A lot of this is attributable to Shopify "shining a light" on the problem. When Shopify releases a solution, it does a great job of surfacing that corresponding problem as a "job to be done" for merchants. Some of those merchants will be happy with the solution Shopify builds, but some will go looking for other options.
That being said, it's naive to think that a Sherlock won't happen eventually. The announcement of Shopify Email caused sideways glances in the ecosystem. It’s likely closer to Shopify Shipping in terms of how comprehensive it is (or rather, isn’t), but if it does achieve a certain level of functionality, it could make life exponentially harder for existing ESP solutions on Shopify.
Platform integrations by their very nature depend on APIs from the parent platform. Everyone who's built on Shopify knows that changing APIs make seamless integration a moving target. A subtle API change to Shopify can mean substantial work for an app, up to and including the need to rebuild the integration. What if that delays your own product roadmap enough to let a competitor move in?
Worse, what if an API is completely deprecated? Data stops flowing, and there's no path forward. This kills the app.
Shopify has gone through a few mindset shifts over the years.
A couple of years ago, Shopify got themselves worked up about Checkout replacement. They still treat it cautiously, but back then it felt like there was a very real risk that any app replacing Shopify's checkout with their own was at risk of dying. Consider the impact of this:
- Subscription billing apps? Dead.
- Some digital download solutions? Dead.
- Completely customizable generic checkouts? Definitely dead.
App Store Changes
When the new App Store launched in 2018, almost everything about the merchandising experience changed. Being one of the more popular apps in the App Store used to mean prime placement in a couple of high-traffic spots. This advantage almost completely went away with the new front page and ever-amplified focus on categorization, search, manual curation, and automatic recommendations.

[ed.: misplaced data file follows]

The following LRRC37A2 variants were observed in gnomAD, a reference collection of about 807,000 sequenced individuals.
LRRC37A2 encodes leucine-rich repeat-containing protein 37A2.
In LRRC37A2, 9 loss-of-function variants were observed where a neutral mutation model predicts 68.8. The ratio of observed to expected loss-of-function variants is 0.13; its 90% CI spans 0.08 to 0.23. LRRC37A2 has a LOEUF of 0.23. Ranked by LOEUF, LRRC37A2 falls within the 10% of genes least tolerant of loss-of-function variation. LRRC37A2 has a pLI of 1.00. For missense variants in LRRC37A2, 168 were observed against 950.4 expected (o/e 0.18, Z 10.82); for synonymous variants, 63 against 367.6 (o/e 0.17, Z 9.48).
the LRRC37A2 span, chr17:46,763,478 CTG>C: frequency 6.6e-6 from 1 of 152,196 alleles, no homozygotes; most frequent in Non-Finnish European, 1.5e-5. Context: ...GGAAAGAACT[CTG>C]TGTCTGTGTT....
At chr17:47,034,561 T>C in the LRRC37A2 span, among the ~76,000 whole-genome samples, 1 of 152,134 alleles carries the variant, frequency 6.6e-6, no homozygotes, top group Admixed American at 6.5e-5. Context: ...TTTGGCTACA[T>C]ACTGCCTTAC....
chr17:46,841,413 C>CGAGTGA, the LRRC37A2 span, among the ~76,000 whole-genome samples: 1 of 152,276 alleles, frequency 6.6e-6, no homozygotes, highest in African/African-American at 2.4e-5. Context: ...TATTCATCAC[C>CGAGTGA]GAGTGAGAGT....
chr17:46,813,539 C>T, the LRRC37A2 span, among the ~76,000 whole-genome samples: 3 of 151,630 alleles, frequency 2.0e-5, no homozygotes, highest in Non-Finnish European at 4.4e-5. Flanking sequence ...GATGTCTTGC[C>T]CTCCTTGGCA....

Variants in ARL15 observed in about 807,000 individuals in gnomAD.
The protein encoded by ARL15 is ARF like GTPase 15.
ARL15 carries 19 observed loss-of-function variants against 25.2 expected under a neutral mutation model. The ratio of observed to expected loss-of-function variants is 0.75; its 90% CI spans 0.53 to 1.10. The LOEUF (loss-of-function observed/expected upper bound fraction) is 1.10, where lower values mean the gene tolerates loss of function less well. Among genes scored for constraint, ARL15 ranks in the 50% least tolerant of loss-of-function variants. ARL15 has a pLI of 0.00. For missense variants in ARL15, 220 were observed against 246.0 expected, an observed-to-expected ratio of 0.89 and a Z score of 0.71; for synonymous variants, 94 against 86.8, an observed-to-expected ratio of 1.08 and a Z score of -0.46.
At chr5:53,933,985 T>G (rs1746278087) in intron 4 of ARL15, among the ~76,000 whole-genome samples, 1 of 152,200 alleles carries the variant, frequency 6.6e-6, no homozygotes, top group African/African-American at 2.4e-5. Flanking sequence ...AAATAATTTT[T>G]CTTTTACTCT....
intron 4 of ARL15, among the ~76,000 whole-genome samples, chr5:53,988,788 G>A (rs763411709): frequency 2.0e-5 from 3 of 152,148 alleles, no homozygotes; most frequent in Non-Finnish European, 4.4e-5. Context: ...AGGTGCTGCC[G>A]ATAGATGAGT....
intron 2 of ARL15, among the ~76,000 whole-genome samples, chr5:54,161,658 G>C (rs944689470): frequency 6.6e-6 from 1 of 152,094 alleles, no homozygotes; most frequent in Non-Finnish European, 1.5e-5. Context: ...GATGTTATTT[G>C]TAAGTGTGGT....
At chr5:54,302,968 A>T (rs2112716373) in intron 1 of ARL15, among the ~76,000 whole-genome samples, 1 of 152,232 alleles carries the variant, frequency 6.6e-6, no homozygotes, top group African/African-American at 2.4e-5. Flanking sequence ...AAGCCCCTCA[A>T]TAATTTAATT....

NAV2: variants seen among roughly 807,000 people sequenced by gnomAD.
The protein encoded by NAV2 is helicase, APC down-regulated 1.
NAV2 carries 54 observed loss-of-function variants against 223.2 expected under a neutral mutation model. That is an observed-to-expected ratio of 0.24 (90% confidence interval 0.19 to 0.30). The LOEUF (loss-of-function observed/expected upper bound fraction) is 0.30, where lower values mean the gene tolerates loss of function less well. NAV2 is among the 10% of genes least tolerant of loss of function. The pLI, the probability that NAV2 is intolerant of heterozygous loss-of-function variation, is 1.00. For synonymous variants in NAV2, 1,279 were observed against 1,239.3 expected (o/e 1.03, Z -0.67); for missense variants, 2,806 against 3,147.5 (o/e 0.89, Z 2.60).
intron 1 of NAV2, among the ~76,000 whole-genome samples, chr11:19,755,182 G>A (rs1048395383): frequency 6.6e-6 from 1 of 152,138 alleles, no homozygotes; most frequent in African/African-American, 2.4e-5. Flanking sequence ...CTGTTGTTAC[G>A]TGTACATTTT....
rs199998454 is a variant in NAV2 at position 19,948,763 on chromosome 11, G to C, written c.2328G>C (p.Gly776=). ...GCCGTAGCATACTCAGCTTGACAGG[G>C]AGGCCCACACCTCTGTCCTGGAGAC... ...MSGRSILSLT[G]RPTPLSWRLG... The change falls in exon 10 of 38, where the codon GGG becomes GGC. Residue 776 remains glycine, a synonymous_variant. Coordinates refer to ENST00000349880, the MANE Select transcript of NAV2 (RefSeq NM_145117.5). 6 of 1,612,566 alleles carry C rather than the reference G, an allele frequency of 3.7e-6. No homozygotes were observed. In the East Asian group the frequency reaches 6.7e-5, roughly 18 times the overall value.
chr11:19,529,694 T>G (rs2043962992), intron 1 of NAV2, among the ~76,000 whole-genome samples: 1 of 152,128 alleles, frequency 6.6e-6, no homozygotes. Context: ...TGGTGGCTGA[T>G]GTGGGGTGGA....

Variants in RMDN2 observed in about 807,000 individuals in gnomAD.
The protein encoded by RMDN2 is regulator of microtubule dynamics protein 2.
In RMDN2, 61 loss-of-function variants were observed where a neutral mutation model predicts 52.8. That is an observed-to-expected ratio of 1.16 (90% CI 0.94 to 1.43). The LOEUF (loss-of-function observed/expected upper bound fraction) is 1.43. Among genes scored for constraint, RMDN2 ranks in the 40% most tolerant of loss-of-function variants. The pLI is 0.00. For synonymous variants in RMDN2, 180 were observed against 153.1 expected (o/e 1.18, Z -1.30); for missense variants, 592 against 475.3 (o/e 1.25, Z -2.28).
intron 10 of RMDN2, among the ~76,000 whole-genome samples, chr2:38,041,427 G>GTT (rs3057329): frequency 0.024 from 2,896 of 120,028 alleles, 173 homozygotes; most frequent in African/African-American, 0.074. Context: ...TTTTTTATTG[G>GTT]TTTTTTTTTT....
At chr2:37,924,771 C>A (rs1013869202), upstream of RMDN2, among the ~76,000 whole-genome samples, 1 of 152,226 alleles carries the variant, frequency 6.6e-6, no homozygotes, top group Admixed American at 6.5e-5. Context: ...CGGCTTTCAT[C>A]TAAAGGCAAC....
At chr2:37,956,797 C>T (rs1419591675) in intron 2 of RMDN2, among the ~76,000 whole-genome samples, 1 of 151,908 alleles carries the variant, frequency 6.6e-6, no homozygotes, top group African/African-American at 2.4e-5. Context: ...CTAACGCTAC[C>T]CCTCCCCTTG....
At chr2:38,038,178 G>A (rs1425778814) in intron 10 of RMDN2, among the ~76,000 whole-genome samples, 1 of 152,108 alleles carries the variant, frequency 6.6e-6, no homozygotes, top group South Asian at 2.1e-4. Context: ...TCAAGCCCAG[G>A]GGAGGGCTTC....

This is scary because it's not even a problem that can be solved with engineering. This means either completely changing how you market your app in the App Store, or finding new growth channels outside of it.
Core Platform Changes
What if the way Shopify interacts with apps broadly just ... changes? Currently, you have the option to acquire customers outside of the App Store and bypass some of the rules and terms that come with being a published app. For example, there are apps like CartHook that have thrived by leaving the drama of the App Store behind them.
There have been rumblings that this option may go away. What would happen to these players if Shopify got rid of the option of not listing your app, especially if your service does something that isn’t compliant with the app store in the first place?
Diversity beats Dependency
The word "platform" is used to describe these ecosystems for a reason, even beyond the relationship between technologies; it extends to the relationship between businesses. Shopify’s platform is the foundation many have built their technology businesses on, but you wouldn’t build a house on a foundation that could decide your house shouldn’t be there anymore. Why should your business be built under the same conditions?
Building a business is – or should be – as much about resilience as growth.
Building a business is – or should be – as much about resilience as growth. Changing market conditions can help you to grow, but they can also cripple your business. In our particular example, the best way to counter this is to rely less on a single platform. This isn’t to say that you abandon the platform model – the benefits are too strong – but to distribute that risk across more than one of them. Resilience is the key benefit, but there are other reasons too.